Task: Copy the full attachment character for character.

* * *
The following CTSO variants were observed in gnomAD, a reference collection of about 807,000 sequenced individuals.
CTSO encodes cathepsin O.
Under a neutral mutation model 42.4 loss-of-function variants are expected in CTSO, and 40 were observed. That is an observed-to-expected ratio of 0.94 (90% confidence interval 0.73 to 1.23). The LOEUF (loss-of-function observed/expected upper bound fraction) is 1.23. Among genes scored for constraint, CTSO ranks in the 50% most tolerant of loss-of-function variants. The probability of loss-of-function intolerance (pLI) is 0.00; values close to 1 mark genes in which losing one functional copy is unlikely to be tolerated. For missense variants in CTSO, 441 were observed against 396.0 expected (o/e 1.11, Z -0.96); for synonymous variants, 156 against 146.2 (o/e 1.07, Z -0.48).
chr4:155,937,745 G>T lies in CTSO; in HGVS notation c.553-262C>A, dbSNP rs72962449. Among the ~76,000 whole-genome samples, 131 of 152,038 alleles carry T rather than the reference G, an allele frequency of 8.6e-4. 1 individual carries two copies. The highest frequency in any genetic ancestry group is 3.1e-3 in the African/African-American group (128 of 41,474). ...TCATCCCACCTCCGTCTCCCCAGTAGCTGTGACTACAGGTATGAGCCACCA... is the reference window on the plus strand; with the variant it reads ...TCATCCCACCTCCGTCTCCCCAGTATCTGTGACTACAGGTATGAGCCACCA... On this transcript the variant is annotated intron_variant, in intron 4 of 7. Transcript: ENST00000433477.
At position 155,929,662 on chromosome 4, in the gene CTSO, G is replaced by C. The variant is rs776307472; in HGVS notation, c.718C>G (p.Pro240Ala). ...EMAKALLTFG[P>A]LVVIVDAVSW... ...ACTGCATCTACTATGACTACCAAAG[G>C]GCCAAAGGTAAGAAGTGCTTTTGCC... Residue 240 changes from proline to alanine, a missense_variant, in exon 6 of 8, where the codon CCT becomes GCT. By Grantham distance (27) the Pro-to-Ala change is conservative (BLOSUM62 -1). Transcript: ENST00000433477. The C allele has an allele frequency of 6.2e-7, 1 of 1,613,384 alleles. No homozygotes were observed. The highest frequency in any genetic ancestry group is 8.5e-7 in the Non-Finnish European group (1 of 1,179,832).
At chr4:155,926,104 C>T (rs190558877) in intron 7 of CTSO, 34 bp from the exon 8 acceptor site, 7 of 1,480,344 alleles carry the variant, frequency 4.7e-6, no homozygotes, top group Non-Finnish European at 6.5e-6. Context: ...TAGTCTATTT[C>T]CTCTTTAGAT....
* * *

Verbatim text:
The following CTSO variants were observed in gnomAD, a reference collection of about 807,000 sequenced individuals.
CTSO encodes cathepsin O.
Under a neutral mutation model 42.4 loss-of-function variants are expected in CTSO, and 40 were observed. That is an observed-to-expected ratio of 0.94 (90% confidence interval 0.73 to 1.23). The LOEUF (loss-of-function observed/expected upper bound fraction) is 1.23. Among genes scored for constraint, CTSO ranks in the 50% most tolerant of loss-of-function variants. The probability of loss-of-function intolerance (pLI) is 0.00; values close to 1 mark genes in which losing one functional copy is unlikely to be tolerated. For missense variants in CTSO, 441 were observed against 396.0 expected (o/e 1.11, Z -0.96); for synonymous variants, 156 against 146.2 (o/e 1.07, Z -0.48).
chr4:155,937,745 G>T lies in CTSO; in HGVS notation c.553-262C>A, dbSNP rs72962449. Among the ~76,000 whole-genome samples, 131 of 152,038 alleles carry T rather than the reference G, an allele frequency of 8.6e-4. 1 individual carries two copies. The highest frequency in any genetic ancestry group is 3.1e-3 in the African/African-American group (128 of 41,474). ...TCATCCCACCTCCGTCTCCCCAGTAGCTGTGACTACAGGTATGAGCCACCA... is the reference window on the plus strand; with the variant it reads ...TCATCCCACCTCCGTCTCCCCAGTATCTGTGACTACAGGTATGAGCCACCA... On this transcript the variant is annotated intron_variant, in intron 4 of 7. Transcript: ENST00000433477.
At position 155,929,662 on chromosome 4, in the gene CTSO, G is replaced by C. The variant is rs776307472; in HGVS notation, c.718C>G (p.Pro240Ala). ...EMAKALLTFG[P>A]LVVIVDAVSW... ...ACTGCATCTACTATGACTACCAAAG[G>C]GCCAAAGGTAAGAAGTGCTTTTGCC... Residue 240 changes from proline to alanine, a missense_variant, in exon 6 of 8, where the codon CCT becomes GCT. By Grantham distance (27) the Pro-to-Ala change is conservative (BLOSUM62 -1). Transcript: ENST00000433477. The C allele has an allele frequency of 6.2e-7, 1 of 1,613,384 alleles. No homozygotes were observed. The highest frequency in any genetic ancestry group is 8.5e-7 in the Non-Finnish European group (1 of 1,179,832).
At chr4:155,926,104 C>T (rs190558877) in intron 7 of CTSO, 34 bp from the exon 8 acceptor site, 7 of 1,480,344 alleles carry the variant, frequency 4.7e-6, no homozygotes, top group Non-Finnish European at 6.5e-6. Context: ...TAGTCTATTT[C>T]CTCTTTAGAT....